The short explanation is that a bullet is just one part of a cartridge, so they’re not technically the same.

Personally, I don’t care if you call the stuff you load into your gun bullets or cartridges—I’m just happy you’re out shooting!—but in the interest of education and accuracy, it seems like a good idea to explore the whole topic and get really clear on what’s what.

And while we’re clarifying these terms, we can go a bit deeper and discuss exactly how a cartridge works and its exact relationship to a bullet.

All three are .44 Magnum cartridges, but each has a different bullet type.

Anatomy of a CartridgeA cartridge is the proper term for a single round of ammunition. A modern cartridge includes four components: primer, case, powder, and bullet.

PRIMER: The primer is where all the action starts. It’s the small round metal object located in the center of the base of the cartridge. Just like the caps for a toy cap gun, a primer is filled with a chemical compound that explodes when it’s smashed. So when the firing pin—a rod that’s driven forward when you pull the trigger—impacts and dents the base of the primer, the compound inside of the primer explodes. This (relatively) small conflagration creates a flame that is directed through a small hole and into the main body of the cartridge case, igniting the powder. (More on that in a bit.)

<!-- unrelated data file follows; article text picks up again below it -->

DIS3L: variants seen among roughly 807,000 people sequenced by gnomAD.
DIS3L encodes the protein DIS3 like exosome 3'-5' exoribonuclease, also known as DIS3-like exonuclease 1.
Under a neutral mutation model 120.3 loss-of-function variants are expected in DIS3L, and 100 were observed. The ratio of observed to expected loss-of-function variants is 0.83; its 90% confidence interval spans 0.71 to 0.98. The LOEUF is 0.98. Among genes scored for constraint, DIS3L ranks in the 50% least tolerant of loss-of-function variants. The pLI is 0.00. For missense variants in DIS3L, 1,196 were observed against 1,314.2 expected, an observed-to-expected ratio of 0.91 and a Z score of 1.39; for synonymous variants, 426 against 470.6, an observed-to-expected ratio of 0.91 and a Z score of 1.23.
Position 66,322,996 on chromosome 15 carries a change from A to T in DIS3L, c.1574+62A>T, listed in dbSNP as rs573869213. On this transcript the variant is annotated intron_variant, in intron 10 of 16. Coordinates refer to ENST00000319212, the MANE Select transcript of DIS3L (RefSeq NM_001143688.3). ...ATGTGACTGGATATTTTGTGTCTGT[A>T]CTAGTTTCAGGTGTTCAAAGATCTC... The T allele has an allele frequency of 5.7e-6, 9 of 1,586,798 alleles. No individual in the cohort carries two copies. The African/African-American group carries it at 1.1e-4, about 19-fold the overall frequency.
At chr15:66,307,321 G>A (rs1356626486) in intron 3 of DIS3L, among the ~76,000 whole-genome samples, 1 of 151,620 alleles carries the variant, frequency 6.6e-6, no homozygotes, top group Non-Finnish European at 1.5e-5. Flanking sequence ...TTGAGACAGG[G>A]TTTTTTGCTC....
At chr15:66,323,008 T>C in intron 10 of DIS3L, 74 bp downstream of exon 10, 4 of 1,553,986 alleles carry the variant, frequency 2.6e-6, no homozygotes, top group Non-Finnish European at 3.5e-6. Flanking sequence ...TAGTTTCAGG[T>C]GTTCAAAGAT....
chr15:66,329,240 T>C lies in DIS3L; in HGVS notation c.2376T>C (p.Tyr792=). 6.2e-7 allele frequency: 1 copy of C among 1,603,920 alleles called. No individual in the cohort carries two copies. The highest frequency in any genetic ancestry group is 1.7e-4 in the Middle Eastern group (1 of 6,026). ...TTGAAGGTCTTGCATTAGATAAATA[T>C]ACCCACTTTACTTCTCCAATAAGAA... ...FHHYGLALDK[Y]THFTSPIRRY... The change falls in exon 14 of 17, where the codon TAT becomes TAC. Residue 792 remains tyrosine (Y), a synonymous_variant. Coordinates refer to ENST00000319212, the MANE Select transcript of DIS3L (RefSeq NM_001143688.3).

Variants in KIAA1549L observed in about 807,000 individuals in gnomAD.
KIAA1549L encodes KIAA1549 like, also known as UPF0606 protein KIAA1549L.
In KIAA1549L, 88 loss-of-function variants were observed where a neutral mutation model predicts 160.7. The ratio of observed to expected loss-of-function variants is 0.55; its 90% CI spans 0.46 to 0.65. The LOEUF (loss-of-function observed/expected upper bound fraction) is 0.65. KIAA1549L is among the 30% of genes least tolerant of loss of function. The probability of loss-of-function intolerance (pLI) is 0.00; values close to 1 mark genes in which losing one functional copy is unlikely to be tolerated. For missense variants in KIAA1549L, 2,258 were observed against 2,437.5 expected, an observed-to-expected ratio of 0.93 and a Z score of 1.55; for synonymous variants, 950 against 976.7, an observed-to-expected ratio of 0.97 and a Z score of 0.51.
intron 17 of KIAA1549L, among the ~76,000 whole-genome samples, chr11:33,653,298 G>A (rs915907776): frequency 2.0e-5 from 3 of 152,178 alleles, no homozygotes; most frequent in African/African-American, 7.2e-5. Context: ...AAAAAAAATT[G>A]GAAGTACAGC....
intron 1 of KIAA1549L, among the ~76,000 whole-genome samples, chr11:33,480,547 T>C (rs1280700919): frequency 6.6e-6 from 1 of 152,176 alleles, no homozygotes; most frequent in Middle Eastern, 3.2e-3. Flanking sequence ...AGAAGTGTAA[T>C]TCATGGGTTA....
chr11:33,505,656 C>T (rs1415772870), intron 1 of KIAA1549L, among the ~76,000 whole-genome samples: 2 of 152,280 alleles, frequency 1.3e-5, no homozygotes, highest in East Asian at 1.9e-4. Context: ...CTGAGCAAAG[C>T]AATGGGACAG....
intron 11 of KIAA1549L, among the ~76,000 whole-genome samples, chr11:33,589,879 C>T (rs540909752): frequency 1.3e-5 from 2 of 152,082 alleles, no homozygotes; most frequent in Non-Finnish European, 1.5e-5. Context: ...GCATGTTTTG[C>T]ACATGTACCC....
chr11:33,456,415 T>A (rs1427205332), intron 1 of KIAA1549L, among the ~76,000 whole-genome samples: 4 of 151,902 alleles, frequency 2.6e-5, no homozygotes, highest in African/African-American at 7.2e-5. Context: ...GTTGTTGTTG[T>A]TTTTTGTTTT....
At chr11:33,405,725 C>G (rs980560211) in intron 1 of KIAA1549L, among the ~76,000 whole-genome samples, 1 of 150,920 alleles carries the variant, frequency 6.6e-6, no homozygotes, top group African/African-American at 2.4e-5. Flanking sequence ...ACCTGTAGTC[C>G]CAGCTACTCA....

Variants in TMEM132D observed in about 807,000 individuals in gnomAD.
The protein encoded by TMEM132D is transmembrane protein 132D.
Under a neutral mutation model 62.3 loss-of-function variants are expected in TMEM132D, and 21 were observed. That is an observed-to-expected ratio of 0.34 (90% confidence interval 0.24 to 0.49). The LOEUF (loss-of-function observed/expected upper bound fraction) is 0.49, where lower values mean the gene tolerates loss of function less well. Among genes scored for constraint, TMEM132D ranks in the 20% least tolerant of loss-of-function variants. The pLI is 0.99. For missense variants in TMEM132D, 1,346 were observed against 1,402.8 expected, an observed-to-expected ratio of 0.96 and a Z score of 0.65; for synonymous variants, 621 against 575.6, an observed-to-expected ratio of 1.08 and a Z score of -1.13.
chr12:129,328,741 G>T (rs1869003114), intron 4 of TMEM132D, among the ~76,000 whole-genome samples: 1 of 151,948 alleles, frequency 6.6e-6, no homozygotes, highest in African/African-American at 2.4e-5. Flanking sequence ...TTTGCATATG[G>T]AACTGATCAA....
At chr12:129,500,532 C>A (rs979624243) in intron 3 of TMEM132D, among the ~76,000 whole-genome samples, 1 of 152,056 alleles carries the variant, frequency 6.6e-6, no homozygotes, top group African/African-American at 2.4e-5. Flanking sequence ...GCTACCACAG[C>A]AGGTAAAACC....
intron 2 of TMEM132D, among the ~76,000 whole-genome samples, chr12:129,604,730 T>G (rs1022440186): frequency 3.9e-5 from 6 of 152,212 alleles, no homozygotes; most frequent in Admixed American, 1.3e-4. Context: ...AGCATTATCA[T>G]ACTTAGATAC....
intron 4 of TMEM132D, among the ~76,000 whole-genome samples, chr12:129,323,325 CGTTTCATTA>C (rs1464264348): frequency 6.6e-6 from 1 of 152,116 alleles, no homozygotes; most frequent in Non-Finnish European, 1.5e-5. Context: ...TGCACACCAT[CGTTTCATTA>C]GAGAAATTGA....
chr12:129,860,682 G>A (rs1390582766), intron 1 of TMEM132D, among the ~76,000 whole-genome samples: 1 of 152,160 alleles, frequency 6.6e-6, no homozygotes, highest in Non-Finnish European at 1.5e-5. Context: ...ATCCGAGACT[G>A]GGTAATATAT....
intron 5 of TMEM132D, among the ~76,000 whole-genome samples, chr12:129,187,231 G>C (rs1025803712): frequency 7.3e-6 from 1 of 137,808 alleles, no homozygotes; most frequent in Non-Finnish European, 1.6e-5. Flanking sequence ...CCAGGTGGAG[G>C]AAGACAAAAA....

CASE: The case is the container that holds the powder. Think of the case as a container of sorts for all the other things that make up a cartridge. The primer fits into a small pocket at the base of the case; the powder resides inside of it; and the bullet is seated at the opposite open end of the cartridge case.

The case is the part that is flung out of your semi-automatic gun (or dropped or extracted from your revolver or bolt-action rifle) after you fire.

These are all .30 caliber bullets, yet each has a different weight and shape for different purposes.

Cases are made of brass, steel, or aluminum, though some companies are successfully making cases out of polymer, more commonly known as plastic.

POWDER: If you shake a cartridge, you’ll feel and hear something akin to sand rustling around inside. That’s the powder. Called “propellant” by gun geeks, it’s a specially formulated compound that burns really, really fast—faster than rocket fuel, or even marshmallows over a hot fire. In fact, it burns so fast that many people assume it explodes. We don’t need to get into the technicalities here, just know that this rapidly burning powder doesn’t technically explode. Rather, the fast burn creates hot, expanding gas that develops a lot of pressure really quickly inside of the cartridge.

All that gas has to go somewhere, so it follows the path of least resistance and pushes the bullet out of the case and down the barrel. As the powder burns, and pressure builds, the bullet moves ever faster down the barrel until it escapes the confines of your gun. The pressurized gases that escape the barrel just behind the bullet are what make a gun go BANG!